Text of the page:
jimgranter on Family Tree Circles
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Have you been on britishnewspapersarchive.co.uk? Just found references to my ancestor Abraham being convicted of stealing growing vegetables in Bristol, and other such skeletons in the cupboard(s)!. I have yet to pay for anything in full, but will no doubt be doing so quite soon. It looks like a great resource, not only for genealogists, but also for anyone interested in history.
Does anybody recognize the woman in this tintype photograph given to me by my Aunt Winifred Granter (1919-1993) in about 1992-3. Aunt Win said she was a Dupont, but I can't remember if Win explained her connection with us Granters. By the date of the popularity of tintypes, say 1860-90, it might have been taken in Bristol or London. (The original is the reverse image, as I understand this is how tintypes were processed).
Bit of a long shot I know.
Regards, Jim Granter
Here's a great studio portrait of Joseph Andrew Granter:
It works when pasted into your address bar(I think that's what it's called)! It's in the public domain so you can copy it.
- from Devon to Bristol, London, Coventry and Australia, 1789 to 2008
John Granter, a farmer (labourer?) in Devonshire, married Mary Bater on 30th June 1811. Mary was pregnant with John, who was born on 2 October 1811, three months after the wedding. They went on to have eight more children between June 1814 and September 1832, all in or around Tiverton, Devon.
The first two after John were Joseph and Mary, twins born in June 1814. They both died in infancy, Joseph after less than a month and Mary in March 1815. Next came Jane in 1816 and Sarah in 1817. It is thought that Sarah died in 1818 but this needs to be confirmed. Next came Susan, born in 1820 who only lived to 1822, again exact dates need to be confirmed. So out of 6 children to date, only John and
Jane had survived.
Abraham was born in 1823 in Washfield, Devon [see Appendix 6 p.30] and was destined to be the ancestor of the London and Coventry Granters. His brothers James and Joseph followed on 3 October 1829 and 26 September 1832 respectively, in Cruwys Morchard, to the east of Tiverton [see Appendix 7 p.31]. By 1846 they had all moved to Bristol, leaving agriculture for the urban life.
James worked in the malt processing industry in Bristol and took a testimonial from his employer, written 9 days before sailing, to Australia when he was 23: (from Merran Adams)
The expression making himself generally useful was to prove itself to be particularly apt as he set about his life in Australia! James had married Elizabeth Coles on 1 February 1852 and they had their first child John on board the ship John Davies almost exactly 8 months
later. They had set off on Thursday morning 22nd July between 2 and 3 oclock in the morning (Appendix 1) bound for Australia as Assisted Immigrants on the ship John Davies: Index to Assisted British Immigration 1839- 1871 This is an index to Registers of Assisted British Immigrants 1839-1871 3 results found.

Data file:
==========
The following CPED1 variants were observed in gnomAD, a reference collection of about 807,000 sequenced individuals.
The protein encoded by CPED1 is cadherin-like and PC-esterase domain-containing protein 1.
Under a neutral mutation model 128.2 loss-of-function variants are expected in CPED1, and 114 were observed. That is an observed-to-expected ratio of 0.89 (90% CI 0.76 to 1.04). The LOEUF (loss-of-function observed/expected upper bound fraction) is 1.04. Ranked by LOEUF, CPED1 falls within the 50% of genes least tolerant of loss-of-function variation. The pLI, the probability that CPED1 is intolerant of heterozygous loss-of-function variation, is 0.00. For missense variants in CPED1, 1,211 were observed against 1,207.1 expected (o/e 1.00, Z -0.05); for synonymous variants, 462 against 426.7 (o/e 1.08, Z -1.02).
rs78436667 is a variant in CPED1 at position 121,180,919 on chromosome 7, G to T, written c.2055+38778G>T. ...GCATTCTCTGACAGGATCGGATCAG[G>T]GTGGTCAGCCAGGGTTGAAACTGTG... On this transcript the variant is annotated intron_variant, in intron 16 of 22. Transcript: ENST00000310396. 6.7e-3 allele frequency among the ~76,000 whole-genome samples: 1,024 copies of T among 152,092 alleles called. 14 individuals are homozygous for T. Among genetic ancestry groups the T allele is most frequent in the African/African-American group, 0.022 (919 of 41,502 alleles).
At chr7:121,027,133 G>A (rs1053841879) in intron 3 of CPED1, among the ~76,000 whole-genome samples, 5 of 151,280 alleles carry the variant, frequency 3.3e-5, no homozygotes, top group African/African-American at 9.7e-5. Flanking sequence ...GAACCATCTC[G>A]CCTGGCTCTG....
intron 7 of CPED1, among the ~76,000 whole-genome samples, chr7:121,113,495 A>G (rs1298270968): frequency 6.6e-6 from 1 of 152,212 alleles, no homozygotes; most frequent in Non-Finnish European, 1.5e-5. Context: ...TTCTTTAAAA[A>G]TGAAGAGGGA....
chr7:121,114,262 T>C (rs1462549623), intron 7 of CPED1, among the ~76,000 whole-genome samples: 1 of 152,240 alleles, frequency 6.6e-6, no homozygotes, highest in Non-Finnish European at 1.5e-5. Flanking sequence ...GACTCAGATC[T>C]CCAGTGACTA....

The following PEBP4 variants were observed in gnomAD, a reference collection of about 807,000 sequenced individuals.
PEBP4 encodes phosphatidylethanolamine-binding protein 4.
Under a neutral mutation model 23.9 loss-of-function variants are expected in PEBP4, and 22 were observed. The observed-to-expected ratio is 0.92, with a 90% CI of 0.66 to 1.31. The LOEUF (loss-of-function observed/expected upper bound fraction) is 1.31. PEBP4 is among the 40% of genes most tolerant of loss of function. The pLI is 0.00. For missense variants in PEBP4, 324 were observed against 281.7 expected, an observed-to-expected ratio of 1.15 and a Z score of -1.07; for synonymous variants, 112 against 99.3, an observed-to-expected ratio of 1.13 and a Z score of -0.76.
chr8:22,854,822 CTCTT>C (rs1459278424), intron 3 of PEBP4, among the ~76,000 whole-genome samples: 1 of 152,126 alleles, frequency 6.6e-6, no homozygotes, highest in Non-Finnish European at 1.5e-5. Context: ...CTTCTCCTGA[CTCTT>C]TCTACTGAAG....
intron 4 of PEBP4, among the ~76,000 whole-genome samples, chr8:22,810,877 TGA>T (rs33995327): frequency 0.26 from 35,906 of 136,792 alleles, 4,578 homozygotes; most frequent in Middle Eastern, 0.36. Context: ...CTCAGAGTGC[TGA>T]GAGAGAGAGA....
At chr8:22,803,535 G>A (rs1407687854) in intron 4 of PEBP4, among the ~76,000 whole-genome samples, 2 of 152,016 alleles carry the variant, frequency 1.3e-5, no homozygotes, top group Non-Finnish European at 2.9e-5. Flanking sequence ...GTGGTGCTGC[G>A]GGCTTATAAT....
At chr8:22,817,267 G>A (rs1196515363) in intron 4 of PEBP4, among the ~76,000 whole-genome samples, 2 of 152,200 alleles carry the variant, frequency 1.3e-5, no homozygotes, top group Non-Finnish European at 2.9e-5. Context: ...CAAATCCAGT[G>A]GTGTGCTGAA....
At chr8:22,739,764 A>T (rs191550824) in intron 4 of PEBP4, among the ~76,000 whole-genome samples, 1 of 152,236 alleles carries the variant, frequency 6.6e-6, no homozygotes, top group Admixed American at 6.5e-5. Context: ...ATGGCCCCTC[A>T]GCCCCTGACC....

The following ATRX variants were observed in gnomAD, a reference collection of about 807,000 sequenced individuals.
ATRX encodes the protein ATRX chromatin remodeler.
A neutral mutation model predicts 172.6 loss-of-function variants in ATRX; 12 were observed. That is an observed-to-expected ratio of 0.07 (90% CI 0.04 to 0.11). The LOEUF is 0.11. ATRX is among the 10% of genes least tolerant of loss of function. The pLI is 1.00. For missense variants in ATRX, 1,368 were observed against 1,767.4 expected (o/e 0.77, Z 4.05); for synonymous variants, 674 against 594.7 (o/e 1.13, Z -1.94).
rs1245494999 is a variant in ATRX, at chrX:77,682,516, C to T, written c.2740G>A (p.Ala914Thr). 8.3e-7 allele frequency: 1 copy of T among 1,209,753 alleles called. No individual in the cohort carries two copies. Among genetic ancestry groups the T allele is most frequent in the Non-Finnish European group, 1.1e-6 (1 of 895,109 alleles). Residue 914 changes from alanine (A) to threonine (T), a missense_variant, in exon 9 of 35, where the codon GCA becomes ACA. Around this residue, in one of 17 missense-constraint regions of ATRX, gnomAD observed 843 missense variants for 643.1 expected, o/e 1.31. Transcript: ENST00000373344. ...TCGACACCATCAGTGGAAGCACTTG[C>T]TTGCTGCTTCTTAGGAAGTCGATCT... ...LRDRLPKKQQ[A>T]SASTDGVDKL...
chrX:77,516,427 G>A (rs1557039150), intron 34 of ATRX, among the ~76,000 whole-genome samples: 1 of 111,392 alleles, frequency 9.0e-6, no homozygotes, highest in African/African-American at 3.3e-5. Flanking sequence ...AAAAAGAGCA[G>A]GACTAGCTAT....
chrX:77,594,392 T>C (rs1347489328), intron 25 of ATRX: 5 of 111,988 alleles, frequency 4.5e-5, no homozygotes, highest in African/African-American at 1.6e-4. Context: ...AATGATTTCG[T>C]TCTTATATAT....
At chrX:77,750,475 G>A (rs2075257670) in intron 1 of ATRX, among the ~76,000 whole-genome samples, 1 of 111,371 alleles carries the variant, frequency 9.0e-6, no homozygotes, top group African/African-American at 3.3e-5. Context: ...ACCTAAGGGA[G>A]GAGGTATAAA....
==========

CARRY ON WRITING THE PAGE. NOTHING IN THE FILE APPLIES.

Family Name Given Name Age Month Year Ship Book Page
GRANTER ---- INFANT WITH I NOV 1852 JOHN DAVIES 6 98
GRANTER ELIZABETH 25 NOV 1852 JOHN DAVIES 6 98
GRANTER JAMES 22 NOV 1852 JOHN DAVIES 6 98
There were 478 passengers listed search on
http://proarchives.imagineering.com.au/index_search_results.asp with no Family Name, just the ship and 'November' to see the complete list. Most were under 35 years old. They landed at Portland Victoria. See Appendix 3 p.23. The journey and early days in Australia are graphically described by a fellow-passenger in letters home (See Appendix 1.).
[With just the two other ships mentioned therein also arriving within weeks of the John Davies, this would make at the very least 478+500+383=1358 new arrivals. Was the gold rush of 1850 still going
on? ..370,000 immigrants arrived in Australia in 1852. See Appendix 2,p.22]
Meanwhile, back in England.......
Abraham, seven years older than James, had left Devon and married Charlotte Hill (Hale on Marriage Certificate) when he was 24. He was described then as a labourer, as was John, the father of all these
Granter siblings,. Abraham and Charlotte were married in St. Philips, Bristol, 6 years before James and Elizabeth set off for Australia. By the time they left, Abraham and Charlotte already had John 1849
and William 1850, but James would never have seen his nephew Alfred, born in1854. It was this Alfred who was the direct ancestor of the London and Coventry Granters. He married Sarah Ann Prince in Bedminster , Bristol in 1876 when he was 22 and she was 23. Abraham his father was described then as a fireman and would have been 54 years old. Sarah 's father was a carpenter, described as a chairmaker on her Birth Certificate of 4 December 1851 at 6 New Street Bristol.
By 1879 they had moved to Bethnal Green, East London, where their son Alfred George was born on 18th December 1879 and daughter Hester on 14 December 1881.
According to his Death Certificate, Alfred 'died of cirrhosis of liver; ascites (an abnormal accumulation of fluid in the abdomen due to liver disease); exhaustion' in 1900 at 60 Vyner Street,